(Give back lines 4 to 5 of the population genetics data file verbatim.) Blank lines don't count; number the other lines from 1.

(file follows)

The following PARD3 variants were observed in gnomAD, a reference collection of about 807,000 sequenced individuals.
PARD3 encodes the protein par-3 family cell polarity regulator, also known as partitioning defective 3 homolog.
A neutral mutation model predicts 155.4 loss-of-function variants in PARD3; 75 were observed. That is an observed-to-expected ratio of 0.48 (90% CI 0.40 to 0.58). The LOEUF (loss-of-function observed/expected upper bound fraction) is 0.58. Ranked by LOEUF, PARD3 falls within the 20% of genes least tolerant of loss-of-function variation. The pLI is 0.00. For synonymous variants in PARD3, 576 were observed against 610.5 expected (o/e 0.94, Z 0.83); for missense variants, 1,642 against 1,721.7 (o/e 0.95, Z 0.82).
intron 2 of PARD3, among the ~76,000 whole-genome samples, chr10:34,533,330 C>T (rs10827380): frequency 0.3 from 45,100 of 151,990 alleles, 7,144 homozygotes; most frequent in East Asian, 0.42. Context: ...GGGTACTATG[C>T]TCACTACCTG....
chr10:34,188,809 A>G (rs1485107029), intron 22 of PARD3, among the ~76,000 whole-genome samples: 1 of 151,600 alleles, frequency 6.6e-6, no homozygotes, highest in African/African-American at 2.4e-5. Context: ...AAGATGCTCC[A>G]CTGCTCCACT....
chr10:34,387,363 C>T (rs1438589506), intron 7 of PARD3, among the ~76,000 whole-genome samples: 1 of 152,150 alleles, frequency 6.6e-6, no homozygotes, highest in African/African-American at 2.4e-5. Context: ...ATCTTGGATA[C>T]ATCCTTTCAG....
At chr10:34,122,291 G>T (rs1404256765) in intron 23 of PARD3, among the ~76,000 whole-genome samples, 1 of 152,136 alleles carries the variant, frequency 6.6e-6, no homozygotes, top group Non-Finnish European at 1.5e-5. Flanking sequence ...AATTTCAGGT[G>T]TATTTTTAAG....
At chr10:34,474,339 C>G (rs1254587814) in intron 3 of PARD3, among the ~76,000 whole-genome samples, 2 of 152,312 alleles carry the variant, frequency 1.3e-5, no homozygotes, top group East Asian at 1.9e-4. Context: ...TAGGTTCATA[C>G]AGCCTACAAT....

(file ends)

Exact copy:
intron 2 of PARD3, among the ~76,000 whole-genome samples, chr10:34,533,330 C>T (rs10827380): frequency 0.3 from 45,100 of 151,990 alleles, 7,144 homozygotes; most frequent in East Asian, 0.42. Context: ...GGGTACTATG[C>T]TCACTACCTG....
chr10:34,188,809 A>G (rs1485107029), intron 22 of PARD3, among the ~76,000 whole-genome samples: 1 of 151,600 alleles, frequency 6.6e-6, no homozygotes, highest in African/African-American at 2.4e-5. Context: ...AAGATGCTCC[A>G]CTGCTCCACT....